Garden And Gardener

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Grafted tomatoes

by Sarah - December 7th, 2009.
Filed under: Suttons Seeds. Tagged as: , , .

Suttons Seeds and Plants

Grafted tomatoes

Grafted tomatoes

Most gardeners are familiar with the idea of grafted fruit trees – where the
root stock from a different tree is grafted onto the top of another tree to
give the right mix of height and yield. Roses are also commonly grafted!

You can now get Grafted Begtables and Fruit at Suttons

Define grafting – when the upper part of a plant (usually the fruit bearing
end) is attached to the roots of a different ones. It’s like playing mix and
match between fast growing plants and best tasting fruits. It also helps provide
tolerance or resistance to some diseases too.

Commercial growers have used grafting as a way of overcoming pest and disease
issues but as it also increases yield then it has sound commercial reasoning
behind it too.

It was used commercially in Japan in 1914 to overcome Fusarium infection in
the ground used to grow watermelons. They grafted the best watermelon fruiting
plant onto a rootstock that was resistant to Fusarium.
The most common form of grafting is called ‘Japanese Top Grafting’. This is
when an angle is cut when the plants are small and using rooting powder the
edges are them clipped together. Fast growth enables the plants to join and
wihtin a couple of weeks the clip can be taken off.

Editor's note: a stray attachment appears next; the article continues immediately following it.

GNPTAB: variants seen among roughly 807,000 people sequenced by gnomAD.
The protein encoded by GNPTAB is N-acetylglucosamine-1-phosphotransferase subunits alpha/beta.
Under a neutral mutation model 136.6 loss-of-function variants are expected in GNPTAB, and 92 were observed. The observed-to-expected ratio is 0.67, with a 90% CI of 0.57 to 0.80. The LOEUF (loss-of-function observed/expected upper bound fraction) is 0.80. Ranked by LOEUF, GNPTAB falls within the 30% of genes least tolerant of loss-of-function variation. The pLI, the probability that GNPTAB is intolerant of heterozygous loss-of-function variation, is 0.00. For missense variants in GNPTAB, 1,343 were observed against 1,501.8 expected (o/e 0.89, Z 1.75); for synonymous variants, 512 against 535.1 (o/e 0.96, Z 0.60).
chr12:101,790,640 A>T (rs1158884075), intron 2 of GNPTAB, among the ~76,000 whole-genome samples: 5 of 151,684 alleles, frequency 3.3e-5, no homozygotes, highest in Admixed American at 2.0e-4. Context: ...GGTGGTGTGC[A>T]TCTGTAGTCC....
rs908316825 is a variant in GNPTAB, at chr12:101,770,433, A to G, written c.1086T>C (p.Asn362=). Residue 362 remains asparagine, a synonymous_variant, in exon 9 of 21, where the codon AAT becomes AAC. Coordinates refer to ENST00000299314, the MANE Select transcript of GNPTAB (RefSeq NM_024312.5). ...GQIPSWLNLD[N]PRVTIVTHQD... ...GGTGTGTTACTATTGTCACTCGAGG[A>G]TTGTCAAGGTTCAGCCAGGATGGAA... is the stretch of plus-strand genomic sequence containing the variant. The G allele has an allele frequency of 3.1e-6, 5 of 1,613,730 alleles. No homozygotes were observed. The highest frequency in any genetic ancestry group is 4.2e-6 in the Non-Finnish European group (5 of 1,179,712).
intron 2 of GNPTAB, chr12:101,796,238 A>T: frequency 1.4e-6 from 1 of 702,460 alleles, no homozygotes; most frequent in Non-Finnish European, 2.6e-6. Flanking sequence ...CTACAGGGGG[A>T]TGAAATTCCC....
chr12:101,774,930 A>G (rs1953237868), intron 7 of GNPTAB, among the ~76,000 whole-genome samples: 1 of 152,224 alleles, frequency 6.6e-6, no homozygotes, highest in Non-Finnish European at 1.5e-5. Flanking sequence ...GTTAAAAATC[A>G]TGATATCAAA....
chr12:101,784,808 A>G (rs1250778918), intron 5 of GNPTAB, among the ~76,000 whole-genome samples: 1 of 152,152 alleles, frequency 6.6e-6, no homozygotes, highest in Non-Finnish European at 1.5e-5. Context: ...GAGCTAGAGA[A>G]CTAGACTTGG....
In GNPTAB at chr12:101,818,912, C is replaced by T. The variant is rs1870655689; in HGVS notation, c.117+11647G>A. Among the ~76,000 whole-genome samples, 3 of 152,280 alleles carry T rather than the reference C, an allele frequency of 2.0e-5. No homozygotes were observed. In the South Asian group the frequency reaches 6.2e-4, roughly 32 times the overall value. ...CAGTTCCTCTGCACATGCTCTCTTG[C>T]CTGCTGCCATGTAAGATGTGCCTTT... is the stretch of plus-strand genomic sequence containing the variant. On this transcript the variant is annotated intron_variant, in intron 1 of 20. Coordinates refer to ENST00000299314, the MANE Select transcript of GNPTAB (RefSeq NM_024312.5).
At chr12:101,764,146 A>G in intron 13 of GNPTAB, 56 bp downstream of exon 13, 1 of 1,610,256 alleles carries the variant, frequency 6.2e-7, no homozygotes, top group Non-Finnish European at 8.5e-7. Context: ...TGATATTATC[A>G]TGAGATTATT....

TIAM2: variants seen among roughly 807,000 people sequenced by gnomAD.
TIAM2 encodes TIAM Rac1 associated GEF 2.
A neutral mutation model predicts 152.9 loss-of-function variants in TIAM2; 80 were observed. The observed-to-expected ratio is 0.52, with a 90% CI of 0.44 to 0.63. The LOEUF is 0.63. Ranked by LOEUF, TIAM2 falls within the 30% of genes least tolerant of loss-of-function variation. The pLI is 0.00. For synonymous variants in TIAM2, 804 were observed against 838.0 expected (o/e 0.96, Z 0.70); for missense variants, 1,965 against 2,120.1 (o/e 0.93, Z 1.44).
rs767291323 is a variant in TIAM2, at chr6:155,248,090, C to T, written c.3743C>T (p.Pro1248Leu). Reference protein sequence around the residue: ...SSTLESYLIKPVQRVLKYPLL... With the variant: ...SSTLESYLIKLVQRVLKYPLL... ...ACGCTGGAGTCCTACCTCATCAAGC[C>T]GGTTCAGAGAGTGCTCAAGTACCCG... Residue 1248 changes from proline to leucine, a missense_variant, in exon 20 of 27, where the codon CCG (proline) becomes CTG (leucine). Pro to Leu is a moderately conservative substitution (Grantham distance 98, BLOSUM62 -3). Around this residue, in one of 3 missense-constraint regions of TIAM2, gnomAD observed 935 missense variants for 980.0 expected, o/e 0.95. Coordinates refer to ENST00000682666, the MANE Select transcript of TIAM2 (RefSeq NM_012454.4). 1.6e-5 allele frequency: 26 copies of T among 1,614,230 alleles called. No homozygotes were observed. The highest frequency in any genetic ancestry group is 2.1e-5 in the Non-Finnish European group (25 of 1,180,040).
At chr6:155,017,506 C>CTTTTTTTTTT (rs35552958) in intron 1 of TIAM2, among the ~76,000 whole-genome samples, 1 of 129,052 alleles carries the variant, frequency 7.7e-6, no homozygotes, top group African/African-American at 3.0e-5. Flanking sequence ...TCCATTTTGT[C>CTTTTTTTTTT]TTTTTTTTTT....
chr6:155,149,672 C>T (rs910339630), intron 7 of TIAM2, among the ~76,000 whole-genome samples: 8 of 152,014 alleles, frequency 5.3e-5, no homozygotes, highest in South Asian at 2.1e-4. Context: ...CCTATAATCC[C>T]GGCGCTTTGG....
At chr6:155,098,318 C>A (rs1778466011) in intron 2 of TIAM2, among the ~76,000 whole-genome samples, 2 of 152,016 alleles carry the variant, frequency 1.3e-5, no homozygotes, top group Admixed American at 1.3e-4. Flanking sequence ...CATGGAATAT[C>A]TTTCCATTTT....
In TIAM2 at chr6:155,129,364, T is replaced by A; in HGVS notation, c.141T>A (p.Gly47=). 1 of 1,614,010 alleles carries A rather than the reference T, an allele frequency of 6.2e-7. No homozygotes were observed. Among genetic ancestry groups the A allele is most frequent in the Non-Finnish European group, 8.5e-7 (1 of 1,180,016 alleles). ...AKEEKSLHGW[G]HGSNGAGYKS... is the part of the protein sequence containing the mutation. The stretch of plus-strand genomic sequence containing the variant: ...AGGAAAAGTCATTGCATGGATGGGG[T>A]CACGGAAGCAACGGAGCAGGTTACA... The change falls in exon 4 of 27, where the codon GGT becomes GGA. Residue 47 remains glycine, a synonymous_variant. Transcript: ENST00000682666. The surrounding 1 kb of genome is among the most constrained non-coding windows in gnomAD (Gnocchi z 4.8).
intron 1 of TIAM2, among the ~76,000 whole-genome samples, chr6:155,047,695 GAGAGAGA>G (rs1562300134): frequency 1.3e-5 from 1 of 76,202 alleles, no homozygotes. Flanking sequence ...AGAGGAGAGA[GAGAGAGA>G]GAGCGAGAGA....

With trial and error good combinations have been found.

The advantages for the home or allotment gardener are earlier cropping and
increased length of cropping time. Grafted vegetables are better able to grow
in shorter day light hours and cooler weather giving them a head start on non
grafted forms.

A stronger root system makes for a stronger healthier plant that’s more able
to absorb nutrients and water.

Yields are increased up to one and a half times more fruit.

While their increased resistance to pests and diseases means that you can
plant direct into greenhouse soil so doing away with the need for growbags or
ring culture. And finally perhaps the best reason of all which is up to one
and a half times more produce from a grafted plant than a normally grown variety!

Suttons introduced grafted tomatoes last year and now have extended the range
to include Sweet and Chilli Peppers, Cucumbers, Melons and Aubergines.


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